Simon Stanley discovers how Ho Chi Minh City became the rising star of Southeast Asia’s craft beer scene.
As a country famous for its dirt cheap bottles of lager commonly drunk over ice as a remedy to the heat and humidity, you wouldn’t expect to find a world-class chocolate stout being brewed in Vietnam, not to mention the squid ink ale that also appeared recently. But in less than three years, Saigon, the country’s southern metropolis officially known as Ho Chi Minh City, has emerged as a major player on the regional (and global) craft beer scene.
At last year’s inaugural Asian Beer Medals competition in Singapore, it was a Vietnamese brewery that took more gold awards than any other competitor. So strong and numerous were the country’s entrants that the event is set to relocate to Saigon this summer.
Born from a thirst for good beer rather than serious financial gain, it was a movement that began in the kitchens and bedrooms of a small but dedicated bunch of expat beer geeks. Faced with the usual line up of homogenous Asian and European lager brands, they yearned for quality, variety and, most importantly, flavour.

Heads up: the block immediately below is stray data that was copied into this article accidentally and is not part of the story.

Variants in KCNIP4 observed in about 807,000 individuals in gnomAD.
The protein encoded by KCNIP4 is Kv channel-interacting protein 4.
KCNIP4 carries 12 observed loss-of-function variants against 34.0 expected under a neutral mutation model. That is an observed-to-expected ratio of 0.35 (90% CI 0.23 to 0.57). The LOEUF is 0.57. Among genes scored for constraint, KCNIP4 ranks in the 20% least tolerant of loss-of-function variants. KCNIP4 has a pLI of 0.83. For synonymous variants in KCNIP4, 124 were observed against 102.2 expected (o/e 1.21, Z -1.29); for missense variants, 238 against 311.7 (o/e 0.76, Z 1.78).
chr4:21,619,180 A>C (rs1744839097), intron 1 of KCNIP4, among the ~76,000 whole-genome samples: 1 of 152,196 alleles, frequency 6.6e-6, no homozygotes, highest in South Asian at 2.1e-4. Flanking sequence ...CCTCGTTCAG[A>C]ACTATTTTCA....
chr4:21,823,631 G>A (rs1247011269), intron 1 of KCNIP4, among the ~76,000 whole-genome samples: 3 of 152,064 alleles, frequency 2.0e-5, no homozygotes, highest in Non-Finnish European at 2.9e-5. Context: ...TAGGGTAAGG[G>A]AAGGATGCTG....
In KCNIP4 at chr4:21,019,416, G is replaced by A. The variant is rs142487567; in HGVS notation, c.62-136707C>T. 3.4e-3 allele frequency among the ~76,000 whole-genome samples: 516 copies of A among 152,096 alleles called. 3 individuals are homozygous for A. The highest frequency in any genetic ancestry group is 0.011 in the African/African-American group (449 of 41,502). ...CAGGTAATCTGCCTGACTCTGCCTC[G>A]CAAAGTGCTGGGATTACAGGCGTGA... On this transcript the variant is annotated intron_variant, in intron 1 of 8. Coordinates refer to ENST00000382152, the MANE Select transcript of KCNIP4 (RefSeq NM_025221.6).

“That’s how it started here,” says Chicago-born Mark Gustafson who, by many accounts, got the ball (or the keg) rolling for Saigon’s craft beer crusade. “You either carried something in in your suitcase, or you made it yourself.”
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